Book Image

Building Microservices with Spring

By : Dinesh Rajput, Rajesh R V
Book Image

Building Microservices with Spring

By: Dinesh Rajput, Rajesh R V

Overview of this book

Getting Started with Spring Microservices begins with an overview of the Spring Framework 5.0, its design patterns, and its guidelines that enable you to implement responsive microservices at scale. You will learn how to use GoF patterns in application design. You will understand the dependency injection pattern, which is the main principle behind the decoupling process of the Spring Framework and makes it easier to manage your code. Then, you will learn how to use proxy patterns in aspect-oriented programming and remoting. Moving on, you will understand the JDBC template patterns and their use in abstracting database access. After understanding the basics, you will move on to more advanced topics, such as reactive streams and concurrency. Written to the latest specifications of Spring that focuses on Reactive Programming, the Learning Path teaches you how to build modern, internet-scale Java applications in no time. Next, you will understand how Spring Boot is used to deploying serverless autonomous services by removing the need to have a heavyweight application server. You’ll also explore ways to deploy your microservices to Docker and managing them with Mesos. By the end of this Learning Path, you will have the clarity and confidence for implementing microservices using Spring Framework. This Learning Path includes content from the following Packt products: • Spring 5 Microservices by Rajesh R V • Spring 5 Design Patterns by Dinesh Rajput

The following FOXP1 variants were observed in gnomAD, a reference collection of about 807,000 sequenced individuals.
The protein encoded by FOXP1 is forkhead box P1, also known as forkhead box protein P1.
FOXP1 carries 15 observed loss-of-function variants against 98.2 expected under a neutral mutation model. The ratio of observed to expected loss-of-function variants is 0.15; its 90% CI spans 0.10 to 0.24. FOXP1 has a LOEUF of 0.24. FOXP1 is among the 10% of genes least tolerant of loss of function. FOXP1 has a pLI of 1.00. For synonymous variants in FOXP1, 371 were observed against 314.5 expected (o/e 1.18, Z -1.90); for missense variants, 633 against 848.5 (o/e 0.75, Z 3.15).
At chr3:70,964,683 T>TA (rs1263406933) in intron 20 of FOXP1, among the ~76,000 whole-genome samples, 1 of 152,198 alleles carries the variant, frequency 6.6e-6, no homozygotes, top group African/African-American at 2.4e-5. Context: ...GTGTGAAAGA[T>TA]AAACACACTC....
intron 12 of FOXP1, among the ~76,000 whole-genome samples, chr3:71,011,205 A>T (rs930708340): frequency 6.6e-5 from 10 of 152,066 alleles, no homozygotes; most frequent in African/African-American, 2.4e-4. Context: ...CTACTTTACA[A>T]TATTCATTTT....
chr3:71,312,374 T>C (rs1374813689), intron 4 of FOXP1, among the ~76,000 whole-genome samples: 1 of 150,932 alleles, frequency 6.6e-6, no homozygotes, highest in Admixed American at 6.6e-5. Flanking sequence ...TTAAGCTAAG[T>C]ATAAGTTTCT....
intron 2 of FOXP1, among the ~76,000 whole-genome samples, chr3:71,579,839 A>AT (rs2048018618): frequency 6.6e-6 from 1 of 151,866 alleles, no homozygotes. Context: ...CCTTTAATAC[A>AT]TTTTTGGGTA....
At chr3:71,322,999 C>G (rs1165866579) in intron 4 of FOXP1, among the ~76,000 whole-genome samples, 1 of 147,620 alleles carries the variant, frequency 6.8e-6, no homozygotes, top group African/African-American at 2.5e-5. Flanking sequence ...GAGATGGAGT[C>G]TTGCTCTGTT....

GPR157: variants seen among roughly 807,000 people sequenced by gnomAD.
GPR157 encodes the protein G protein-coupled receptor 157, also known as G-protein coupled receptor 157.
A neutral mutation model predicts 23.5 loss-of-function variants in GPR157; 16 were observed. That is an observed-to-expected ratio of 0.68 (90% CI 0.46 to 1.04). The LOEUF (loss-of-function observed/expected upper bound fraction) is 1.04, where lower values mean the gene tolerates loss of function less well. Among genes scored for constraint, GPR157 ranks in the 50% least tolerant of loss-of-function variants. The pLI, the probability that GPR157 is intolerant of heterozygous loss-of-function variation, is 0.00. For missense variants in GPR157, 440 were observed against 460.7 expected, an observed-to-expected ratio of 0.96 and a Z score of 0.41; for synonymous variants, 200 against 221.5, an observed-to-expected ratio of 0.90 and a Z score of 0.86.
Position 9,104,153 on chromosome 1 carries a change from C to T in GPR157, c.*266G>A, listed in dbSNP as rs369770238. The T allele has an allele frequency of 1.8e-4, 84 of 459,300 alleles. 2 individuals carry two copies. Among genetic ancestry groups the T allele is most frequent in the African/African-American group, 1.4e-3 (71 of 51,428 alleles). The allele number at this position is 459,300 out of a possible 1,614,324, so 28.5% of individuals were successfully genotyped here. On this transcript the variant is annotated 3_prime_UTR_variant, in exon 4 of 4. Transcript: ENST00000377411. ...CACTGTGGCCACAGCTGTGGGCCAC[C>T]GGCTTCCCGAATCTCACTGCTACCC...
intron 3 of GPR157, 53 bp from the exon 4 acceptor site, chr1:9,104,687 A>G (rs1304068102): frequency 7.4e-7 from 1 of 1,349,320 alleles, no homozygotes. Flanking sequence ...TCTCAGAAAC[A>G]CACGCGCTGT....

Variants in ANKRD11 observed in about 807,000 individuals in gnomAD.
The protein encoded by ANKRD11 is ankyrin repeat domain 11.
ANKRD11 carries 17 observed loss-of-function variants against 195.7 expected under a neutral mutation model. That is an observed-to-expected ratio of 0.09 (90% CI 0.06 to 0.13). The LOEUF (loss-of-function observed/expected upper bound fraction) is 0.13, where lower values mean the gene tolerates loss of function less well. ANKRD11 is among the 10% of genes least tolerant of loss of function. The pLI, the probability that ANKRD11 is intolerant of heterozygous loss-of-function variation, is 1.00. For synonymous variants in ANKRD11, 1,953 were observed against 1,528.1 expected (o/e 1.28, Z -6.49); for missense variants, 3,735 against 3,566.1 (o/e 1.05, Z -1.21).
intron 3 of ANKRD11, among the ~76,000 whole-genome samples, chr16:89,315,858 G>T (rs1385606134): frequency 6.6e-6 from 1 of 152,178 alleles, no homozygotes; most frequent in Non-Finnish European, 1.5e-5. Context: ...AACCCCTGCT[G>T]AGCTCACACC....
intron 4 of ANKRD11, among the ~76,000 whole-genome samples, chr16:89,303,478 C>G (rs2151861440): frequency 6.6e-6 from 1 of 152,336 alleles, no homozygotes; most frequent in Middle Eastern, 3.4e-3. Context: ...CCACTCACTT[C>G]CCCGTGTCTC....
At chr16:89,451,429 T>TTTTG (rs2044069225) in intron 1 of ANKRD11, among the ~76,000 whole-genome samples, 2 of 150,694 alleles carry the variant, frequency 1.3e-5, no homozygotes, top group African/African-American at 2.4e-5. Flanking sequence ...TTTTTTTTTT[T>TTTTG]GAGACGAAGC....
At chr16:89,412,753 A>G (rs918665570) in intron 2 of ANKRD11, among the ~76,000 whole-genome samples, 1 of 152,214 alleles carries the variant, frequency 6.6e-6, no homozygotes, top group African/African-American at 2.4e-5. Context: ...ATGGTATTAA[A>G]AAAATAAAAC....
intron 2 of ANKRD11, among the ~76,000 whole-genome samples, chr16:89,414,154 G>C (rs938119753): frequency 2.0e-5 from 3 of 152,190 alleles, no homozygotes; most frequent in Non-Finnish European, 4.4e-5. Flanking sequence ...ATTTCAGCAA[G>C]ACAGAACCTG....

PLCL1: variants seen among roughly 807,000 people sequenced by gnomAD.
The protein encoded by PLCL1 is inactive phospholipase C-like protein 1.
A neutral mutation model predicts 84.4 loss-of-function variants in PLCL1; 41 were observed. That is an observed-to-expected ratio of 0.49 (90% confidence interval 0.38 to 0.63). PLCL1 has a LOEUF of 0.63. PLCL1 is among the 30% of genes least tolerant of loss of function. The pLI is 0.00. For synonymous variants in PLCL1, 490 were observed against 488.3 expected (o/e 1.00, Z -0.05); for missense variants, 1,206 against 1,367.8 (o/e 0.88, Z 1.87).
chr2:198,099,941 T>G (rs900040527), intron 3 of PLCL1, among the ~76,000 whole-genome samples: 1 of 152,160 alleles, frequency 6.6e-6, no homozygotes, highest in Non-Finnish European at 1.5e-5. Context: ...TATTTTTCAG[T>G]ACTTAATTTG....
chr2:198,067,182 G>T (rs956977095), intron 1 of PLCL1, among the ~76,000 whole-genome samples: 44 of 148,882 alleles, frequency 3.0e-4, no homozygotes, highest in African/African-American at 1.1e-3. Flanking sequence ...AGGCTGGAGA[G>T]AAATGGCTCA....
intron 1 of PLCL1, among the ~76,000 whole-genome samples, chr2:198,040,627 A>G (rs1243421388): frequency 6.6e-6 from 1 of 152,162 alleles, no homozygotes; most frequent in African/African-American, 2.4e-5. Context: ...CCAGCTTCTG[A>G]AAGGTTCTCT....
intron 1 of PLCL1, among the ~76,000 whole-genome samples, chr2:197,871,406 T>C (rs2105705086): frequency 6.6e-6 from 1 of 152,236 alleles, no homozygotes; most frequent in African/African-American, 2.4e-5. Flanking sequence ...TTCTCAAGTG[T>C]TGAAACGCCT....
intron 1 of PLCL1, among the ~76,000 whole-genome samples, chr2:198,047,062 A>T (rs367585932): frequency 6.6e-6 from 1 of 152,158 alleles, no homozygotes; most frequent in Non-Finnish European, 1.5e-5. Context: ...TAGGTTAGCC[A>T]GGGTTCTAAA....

Table of Contents (22 chapters)
Title Page
About Packt

Preparing BrownField PSS services

In the previous section, we successfully set up Mesos and Marathon. In this section, we will see how to deploy the BrownField PSS application previously developed using Mesos and Marathon.


The full source code of this chapter is available under the chapter10 projects in the code files under Copy chapter9.* into a new STS workspace and rename it chapter10.*.

In this example, we will force the Mesos cluster to bind to fixed ports, but, in an ideal world, we will delegate the Mesos cluster to dynamically bind services to ports. Also, since we are not using a DNS or HA Proxy, we will hardcode the IP addresses. In the real world, a VIP for each service will be defined, and that VIP will be used by the services. This VIP will be resolved by the DNS and Proxy.

Perform the following steps to change the BrownField application to run on AWS:

  1. Update search microservices ( to reflect the RabbitMQ...